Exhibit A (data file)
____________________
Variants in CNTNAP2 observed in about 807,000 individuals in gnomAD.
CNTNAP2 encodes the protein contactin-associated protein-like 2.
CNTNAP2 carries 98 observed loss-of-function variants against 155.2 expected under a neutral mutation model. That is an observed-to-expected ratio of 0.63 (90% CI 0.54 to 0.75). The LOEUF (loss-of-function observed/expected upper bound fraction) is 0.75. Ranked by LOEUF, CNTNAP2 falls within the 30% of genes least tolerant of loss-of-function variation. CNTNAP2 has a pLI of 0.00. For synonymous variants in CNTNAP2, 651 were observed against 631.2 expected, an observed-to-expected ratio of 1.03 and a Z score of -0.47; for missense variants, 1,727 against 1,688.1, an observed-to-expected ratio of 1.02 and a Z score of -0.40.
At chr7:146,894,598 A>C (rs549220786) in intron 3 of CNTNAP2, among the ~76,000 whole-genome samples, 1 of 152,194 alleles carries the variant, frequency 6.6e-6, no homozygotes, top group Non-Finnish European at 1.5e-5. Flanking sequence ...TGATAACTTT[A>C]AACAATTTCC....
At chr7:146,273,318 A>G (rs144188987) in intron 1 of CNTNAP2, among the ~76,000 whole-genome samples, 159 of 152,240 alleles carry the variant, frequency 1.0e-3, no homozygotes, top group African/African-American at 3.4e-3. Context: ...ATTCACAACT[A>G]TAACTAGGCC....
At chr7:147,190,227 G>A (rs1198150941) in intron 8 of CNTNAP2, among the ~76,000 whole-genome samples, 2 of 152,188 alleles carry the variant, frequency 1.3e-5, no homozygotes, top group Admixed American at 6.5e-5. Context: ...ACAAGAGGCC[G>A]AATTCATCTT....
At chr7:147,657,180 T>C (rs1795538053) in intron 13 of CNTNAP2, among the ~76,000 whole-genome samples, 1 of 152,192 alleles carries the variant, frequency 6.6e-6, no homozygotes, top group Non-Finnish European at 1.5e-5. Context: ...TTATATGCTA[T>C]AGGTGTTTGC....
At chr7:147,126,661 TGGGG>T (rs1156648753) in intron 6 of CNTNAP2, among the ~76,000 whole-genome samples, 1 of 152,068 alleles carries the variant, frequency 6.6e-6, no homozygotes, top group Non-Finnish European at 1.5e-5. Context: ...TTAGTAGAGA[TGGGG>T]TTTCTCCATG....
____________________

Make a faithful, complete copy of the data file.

Variants in CNTNAP2 observed in about 807,000 individuals in gnomAD.
CNTNAP2 encodes the protein contactin-associated protein-like 2.
CNTNAP2 carries 98 observed loss-of-function variants against 155.2 expected under a neutral mutation model. That is an observed-to-expected ratio of 0.63 (90% CI 0.54 to 0.75). The LOEUF (loss-of-function observed/expected upper bound fraction) is 0.75. Ranked by LOEUF, CNTNAP2 falls within the 30% of genes least tolerant of loss-of-function variation. CNTNAP2 has a pLI of 0.00. For synonymous variants in CNTNAP2, 651 were observed against 631.2 expected, an observed-to-expected ratio of 1.03 and a Z score of -0.47; for missense variants, 1,727 against 1,688.1, an observed-to-expected ratio of 1.02 and a Z score of -0.40.
At chr7:146,894,598 A>C (rs549220786) in intron 3 of CNTNAP2, among the ~76,000 whole-genome samples, 1 of 152,194 alleles carries the variant, frequency 6.6e-6, no homozygotes, top group Non-Finnish European at 1.5e-5. Flanking sequence ...TGATAACTTT[A>C]AACAATTTCC....
At chr7:146,273,318 A>G (rs144188987) in intron 1 of CNTNAP2, among the ~76,000 whole-genome samples, 159 of 152,240 alleles carry the variant, frequency 1.0e-3, no homozygotes, top group African/African-American at 3.4e-3. Context: ...ATTCACAACT[A>G]TAACTAGGCC....
At chr7:147,190,227 G>A (rs1198150941) in intron 8 of CNTNAP2, among the ~76,000 whole-genome samples, 2 of 152,188 alleles carry the variant, frequency 1.3e-5, no homozygotes, top group Admixed American at 6.5e-5. Context: ...ACAAGAGGCC[G>A]AATTCATCTT....
At chr7:147,657,180 T>C (rs1795538053) in intron 13 of CNTNAP2, among the ~76,000 whole-genome samples, 1 of 152,192 alleles carries the variant, frequency 6.6e-6, no homozygotes, top group Non-Finnish European at 1.5e-5. Context: ...TTATATGCTA[T>C]AGGTGTTTGC....
At chr7:147,126,661 TGGGG>T (rs1156648753) in intron 6 of CNTNAP2, among the ~76,000 whole-genome samples, 1 of 152,068 alleles carries the variant, frequency 6.6e-6, no homozygotes, top group Non-Finnish European at 1.5e-5. Context: ...TTAGTAGAGA[TGGGG>T]TTTCTCCATG....